"The Killing of Sister George" at Rising Action Theatre Separates Lesbian Stereotypes With One Thing – Lipstick
The title role of The Killing of Sister George is an aging and sadist lesbian whose character on a British soap opera has met an untimely death. So where does she go from there? She shows up at Rising Action Theatre, of course, where once-groundbreaking gay themes find a new home.
First performed in 1964 and turned into a film in 1968, The Killing of Sister George is both expository in its portrayal of society's treatment of women and complicated in its funny and not-so-funny representation of gay couples. It tells the story of title character June Buckridge, who plays the character Sister George on the radio show Applehurst. She so identifies with the character that she's always referred to only as George.
But unlike the wound-mending nurse she plays on the radio, in reality she's a riot of a woman — portrayed by Janet Weakly with a Jim Carrey knack for gesture. George swigs Beefeater and chomps on a cigar (which is, cough, annoying in the small theater). George boasts a big personality and shows off a penchant for cruelty; it's all very catholic.
Her radio character is killed off perhaps because of ratings but more likely due to her debauched lifestyle as a superbutch. She refuses to suppress her personality by succumbing to prescribed gender roles or living in the closet. Instead, she assaults real-life nuns after nights at the pub and lives openly. Her partner is the disturbingly masochistic, doll-wielding, "flat mate" Childie. In a casting error, the 34-year-old lover is played by Andi Maria Morrow, whose Lolita-style proportions seem much too young to be believable in the role. The age disparity makes lines like "She's my flat mate in more ways than one" feel icky.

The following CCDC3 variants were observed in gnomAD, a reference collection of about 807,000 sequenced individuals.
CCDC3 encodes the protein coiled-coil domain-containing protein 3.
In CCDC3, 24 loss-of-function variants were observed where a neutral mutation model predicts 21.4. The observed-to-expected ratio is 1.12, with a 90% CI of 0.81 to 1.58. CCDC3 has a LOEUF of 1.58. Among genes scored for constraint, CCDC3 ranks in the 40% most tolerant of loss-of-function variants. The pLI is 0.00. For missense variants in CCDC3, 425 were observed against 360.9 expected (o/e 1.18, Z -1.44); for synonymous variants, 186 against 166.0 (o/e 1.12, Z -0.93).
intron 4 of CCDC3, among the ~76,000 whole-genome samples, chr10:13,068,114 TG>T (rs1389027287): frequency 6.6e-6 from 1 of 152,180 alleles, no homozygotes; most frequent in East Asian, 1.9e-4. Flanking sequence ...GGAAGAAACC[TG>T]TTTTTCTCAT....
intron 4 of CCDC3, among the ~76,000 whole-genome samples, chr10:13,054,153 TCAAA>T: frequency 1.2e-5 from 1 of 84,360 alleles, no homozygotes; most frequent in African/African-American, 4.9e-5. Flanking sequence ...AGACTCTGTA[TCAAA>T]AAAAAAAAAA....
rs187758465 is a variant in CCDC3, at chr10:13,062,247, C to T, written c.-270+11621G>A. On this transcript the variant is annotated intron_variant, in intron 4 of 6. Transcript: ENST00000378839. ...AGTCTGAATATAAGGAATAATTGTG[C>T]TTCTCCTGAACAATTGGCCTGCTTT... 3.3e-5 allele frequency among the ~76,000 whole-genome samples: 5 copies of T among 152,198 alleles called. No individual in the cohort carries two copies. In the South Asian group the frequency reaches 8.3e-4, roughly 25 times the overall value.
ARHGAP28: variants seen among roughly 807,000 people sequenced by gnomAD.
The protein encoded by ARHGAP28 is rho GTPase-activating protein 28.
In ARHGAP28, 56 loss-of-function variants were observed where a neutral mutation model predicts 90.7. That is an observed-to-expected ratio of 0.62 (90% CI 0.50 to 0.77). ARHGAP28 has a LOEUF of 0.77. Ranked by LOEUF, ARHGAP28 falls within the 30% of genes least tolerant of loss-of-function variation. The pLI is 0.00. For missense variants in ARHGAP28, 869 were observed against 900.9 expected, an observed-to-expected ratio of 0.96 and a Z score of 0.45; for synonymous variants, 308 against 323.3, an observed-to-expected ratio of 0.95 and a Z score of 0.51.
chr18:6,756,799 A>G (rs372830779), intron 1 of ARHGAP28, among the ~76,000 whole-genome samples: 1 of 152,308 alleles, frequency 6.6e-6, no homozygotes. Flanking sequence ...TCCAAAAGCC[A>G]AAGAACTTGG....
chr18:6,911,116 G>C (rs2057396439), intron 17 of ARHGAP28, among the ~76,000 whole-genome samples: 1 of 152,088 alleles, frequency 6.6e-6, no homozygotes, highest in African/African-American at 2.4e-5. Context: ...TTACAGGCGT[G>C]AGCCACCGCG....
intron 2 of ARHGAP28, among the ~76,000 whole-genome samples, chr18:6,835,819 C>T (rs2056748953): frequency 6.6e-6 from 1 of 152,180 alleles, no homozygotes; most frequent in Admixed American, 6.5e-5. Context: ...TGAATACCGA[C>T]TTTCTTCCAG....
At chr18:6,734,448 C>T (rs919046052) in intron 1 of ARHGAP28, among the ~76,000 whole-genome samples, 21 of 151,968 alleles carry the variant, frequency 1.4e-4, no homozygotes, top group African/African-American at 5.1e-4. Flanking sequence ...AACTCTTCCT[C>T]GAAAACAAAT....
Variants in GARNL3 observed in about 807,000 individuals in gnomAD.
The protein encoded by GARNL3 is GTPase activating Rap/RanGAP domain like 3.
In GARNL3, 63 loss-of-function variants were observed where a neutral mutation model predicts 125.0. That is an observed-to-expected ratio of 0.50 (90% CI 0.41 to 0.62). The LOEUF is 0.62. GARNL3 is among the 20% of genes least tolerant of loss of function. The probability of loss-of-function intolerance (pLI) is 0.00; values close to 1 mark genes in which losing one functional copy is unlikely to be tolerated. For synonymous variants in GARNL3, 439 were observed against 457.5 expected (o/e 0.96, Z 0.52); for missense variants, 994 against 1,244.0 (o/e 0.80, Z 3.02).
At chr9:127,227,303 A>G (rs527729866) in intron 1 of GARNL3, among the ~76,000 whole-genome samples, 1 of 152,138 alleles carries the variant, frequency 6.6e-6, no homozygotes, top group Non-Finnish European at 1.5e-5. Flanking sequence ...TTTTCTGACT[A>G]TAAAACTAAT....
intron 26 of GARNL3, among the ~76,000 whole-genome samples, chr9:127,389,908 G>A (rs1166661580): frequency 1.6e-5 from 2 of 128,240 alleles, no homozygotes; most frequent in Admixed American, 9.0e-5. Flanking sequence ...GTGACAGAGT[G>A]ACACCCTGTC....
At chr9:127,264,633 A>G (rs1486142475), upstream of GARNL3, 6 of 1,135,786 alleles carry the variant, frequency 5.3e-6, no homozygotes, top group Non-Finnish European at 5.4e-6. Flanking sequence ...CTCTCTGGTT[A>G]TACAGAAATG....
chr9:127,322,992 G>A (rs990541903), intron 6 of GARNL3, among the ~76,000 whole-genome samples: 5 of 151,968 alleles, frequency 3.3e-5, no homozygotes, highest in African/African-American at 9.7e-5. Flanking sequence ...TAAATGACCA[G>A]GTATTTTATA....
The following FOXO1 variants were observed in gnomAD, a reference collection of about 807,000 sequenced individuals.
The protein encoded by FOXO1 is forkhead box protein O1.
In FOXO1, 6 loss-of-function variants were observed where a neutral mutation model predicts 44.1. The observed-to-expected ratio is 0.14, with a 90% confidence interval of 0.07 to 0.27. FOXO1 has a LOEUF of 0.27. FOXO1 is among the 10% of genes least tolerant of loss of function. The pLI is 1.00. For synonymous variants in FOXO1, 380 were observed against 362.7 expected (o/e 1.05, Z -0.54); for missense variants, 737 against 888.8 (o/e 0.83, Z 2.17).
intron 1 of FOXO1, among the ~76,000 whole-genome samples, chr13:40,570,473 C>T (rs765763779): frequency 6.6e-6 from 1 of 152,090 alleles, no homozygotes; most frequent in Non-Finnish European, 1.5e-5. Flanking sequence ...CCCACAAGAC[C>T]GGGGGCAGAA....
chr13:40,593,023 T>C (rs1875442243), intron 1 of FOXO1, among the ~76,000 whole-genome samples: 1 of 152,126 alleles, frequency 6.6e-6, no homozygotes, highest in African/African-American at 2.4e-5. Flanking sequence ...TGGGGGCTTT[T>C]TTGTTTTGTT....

Sister George's radio death turns her violent and demanding. She's always drunk and forces Childie to eat a cigar butt and drink bath water. This may have shocked early audiences with its unfavorable representations of power-abusing, lover-stealing lesbians and hyperbutch brutes who make their girlfriends eat cigar butts. But this wouldn't be funny if it were Childie's boyfriend who wanted her to drink his bath water. Being gay doesn't make violence funny.
Enter the fashionable power bitch Mercy Croft, who drops some not-so-subtle hints that she can save Childie from the sadistic George. Mercy is played by Merry Jo Cortada with the perfect balance of cool restraint turned maternal. She is devilishly appealing in her villainous scheming and as the source of life-altering blows and opportunity.
Thus, the problem with this production reveals itself. Either the anticlimatic script is too dated or director David Goldyn doesn't push the cast hard enough for a wacked-out, knee-slapping good time. But as is, Sister George is a hard script to swallow. Probably kind of like that cigar butt.
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